UC Davis doctors' actions spur investigation by accrediting agency

11/10/2012 12:00 AM

10/06/2014 3:01 PM

The controversial activities of two UC Davis neurosurgeons have triggered another investigation into patient safety and care at the university hospital, this time by the independent, nonprofit body that accredits hospitals nationwide, The Bee has learned.

An investigator with the Joint Commission arrived unannounced at the medical center this week to interview staff about the work of Dr. J. Paul Muizelaar and Dr. Rudolph J. Schrot.

The Joint Commission, whose accreditation decisions are a critical lifeline for any hospital, is at least the fourth body to investigate the surgeons in the last 18 months.

Muizelaar and Schrot, faculty members in the UC Davis neurological surgery department, were banned by the university last year from performing any further research involving human subjects.

The unusual ban followed a six-month internal probe, which determined the doctors had conducted experimental treatments in 2010 and 2011 on three dying brain cancer patients without proper approval from the university or federal regulators.

Since UC Davis reported the doctors' "serious and continuing noncompliance" to the U.S. Food and Drug Administration – and The Bee reported those findings in July – the university's chancellor and the federal Centers for Medicare and Medicaid Services have initiated investigations.

Bonnie Hyatt, spokeswoman for the UC Davis Health System, said the Joint Commission surveyor closely examined the three neurosurgical patients' cases.

"It was quite rigorous, and we provided everything he needed," she said.

The investigations into the neurosurgeons' activities have evoked concern by some bioethicists. Use of humans to test experimental drugs or procedures is tightly controlled to prevent subjects from being harmed or exploited.

Muizelaar, 65, the former department chairman, and Schrot, 44, obtained consent from three patients with deadly glioblastomas to open their skulls and intentionally infect them with bacteria, according to university documents. The doctors theorized that a postoperative infection might stimulate the immune system and prolong the lives of such patients, who typically survive only about 15 months after diagnosis.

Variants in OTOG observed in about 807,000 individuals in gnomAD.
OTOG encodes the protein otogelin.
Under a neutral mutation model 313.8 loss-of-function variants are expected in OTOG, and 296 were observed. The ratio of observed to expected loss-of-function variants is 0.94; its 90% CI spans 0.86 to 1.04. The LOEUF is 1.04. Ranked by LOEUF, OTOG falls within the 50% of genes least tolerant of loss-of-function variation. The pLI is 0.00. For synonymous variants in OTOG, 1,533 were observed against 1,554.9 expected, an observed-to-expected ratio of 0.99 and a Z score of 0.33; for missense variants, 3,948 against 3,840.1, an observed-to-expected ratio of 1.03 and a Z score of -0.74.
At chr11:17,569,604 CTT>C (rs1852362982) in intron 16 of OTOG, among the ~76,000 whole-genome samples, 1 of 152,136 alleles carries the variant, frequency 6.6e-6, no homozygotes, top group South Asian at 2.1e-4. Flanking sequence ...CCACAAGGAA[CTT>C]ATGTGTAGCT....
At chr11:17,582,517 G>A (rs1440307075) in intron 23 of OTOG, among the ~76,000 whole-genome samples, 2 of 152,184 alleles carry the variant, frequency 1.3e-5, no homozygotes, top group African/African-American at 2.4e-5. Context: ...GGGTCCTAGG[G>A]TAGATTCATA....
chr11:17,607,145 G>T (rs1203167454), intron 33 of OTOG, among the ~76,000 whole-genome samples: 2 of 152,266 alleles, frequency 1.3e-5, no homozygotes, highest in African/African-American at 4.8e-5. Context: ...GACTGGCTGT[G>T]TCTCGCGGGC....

Two of the three patients developed sepsis and died several weeks after their procedures in 2010 and 2011, university documents reveal. A third patient lived for some months but also has since died, Muizelaar told The Bee in July.

Both doctors have said their problems stem from a misunderstanding, and that they believed they had the official go-ahead to perform what they described as "innovative treatment" on their three gravely ill patients.

A spokesman for the Illinois-based Joint Commission said Friday it conducted a "for-cause, on-site survey" this week at the UC Davis Medical Center, based on a complaint received by the organization. Spokesman Bret Coons said that complaints can originate with federal or state agencies, media reports, a patient, the hospital or others, and the source is kept confidential.

Coons said the survey is done in cases where "we have a reason to go in and look at the organization's compliance with our standards."

The Joint Commission, formerly known as the Joint Commission on Accreditation of Healthcare Organizations, accredits and certifies more than 19,000 hospitals and health care programs in the country.

The last time the UC Davis Medical Center underwent a full survey and was awarded accreditation was in June 2010, commission reports show. According to the organization's procedures, UC Davis would have expected its next full accreditation survey within 36 months.

Coons said he could not disclose whether the commission is specifically investigating Muizelaar and Schrot, but the university confirmed that they were the focus.

Based on the findings, the commission could alter or even revoke a hospital's accreditation status.

In addition to this inquiry, the Centers for Medicare and Medicaid Services recently completed its probe. The federal watchdog agency asked the California Department of Public Health this fall to assist in a review of the care provided to Muizelaar's and Schrot's patients. Findings are expected to be released soon.

In July, UC Davis Chancellor Linda P.B. Katehi also ordered a top-level "comprehensive review" of the matter. Findings from that investigation, being led by Ralph J. Hexter, the university's provost and executive vice chancellor, are expected "in the relatively near term," said UC Davis spokesman Barry Shiller.


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